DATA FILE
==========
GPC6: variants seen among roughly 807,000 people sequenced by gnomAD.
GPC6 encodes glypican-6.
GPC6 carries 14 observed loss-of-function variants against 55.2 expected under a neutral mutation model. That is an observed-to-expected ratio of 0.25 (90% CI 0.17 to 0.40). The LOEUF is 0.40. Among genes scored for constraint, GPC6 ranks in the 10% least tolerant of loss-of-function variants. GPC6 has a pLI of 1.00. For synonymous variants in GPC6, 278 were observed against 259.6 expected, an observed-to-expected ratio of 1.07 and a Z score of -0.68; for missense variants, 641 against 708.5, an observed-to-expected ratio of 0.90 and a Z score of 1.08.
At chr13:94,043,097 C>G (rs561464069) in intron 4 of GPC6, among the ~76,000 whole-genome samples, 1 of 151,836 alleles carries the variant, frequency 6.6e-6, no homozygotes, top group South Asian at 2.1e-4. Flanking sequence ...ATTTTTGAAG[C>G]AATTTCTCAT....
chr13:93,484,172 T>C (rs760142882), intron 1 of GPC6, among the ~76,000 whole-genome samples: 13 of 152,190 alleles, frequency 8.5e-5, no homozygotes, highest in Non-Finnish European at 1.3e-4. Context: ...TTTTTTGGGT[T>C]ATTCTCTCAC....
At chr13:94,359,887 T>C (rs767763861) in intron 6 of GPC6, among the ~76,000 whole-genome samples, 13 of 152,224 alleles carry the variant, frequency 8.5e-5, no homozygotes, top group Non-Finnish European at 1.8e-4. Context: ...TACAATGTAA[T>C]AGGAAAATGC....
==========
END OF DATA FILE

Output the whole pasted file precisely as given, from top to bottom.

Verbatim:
GPC6: variants seen among roughly 807,000 people sequenced by gnomAD.
GPC6 encodes glypican-6.
GPC6 carries 14 observed loss-of-function variants against 55.2 expected under a neutral mutation model. That is an observed-to-expected ratio of 0.25 (90% CI 0.17 to 0.40). The LOEUF is 0.40. Among genes scored for constraint, GPC6 ranks in the 10% least tolerant of loss-of-function variants. GPC6 has a pLI of 1.00. For synonymous variants in GPC6, 278 were observed against 259.6 expected, an observed-to-expected ratio of 1.07 and a Z score of -0.68; for missense variants, 641 against 708.5, an observed-to-expected ratio of 0.90 and a Z score of 1.08.
At chr13:94,043,097 C>G (rs561464069) in intron 4 of GPC6, among the ~76,000 whole-genome samples, 1 of 151,836 alleles carries the variant, frequency 6.6e-6, no homozygotes, top group South Asian at 2.1e-4. Flanking sequence ...ATTTTTGAAG[C>G]AATTTCTCAT....
chr13:93,484,172 T>C (rs760142882), intron 1 of GPC6, among the ~76,000 whole-genome samples: 13 of 152,190 alleles, frequency 8.5e-5, no homozygotes, highest in Non-Finnish European at 1.3e-4. Context: ...TTTTTTGGGT[T>C]ATTCTCTCAC....
At chr13:94,359,887 T>C (rs767763861) in intron 6 of GPC6, among the ~76,000 whole-genome samples, 13 of 152,224 alleles carry the variant, frequency 8.5e-5, no homozygotes, top group Non-Finnish European at 1.8e-4. Context: ...TACAATGTAA[T>C]AGGAAAATGC....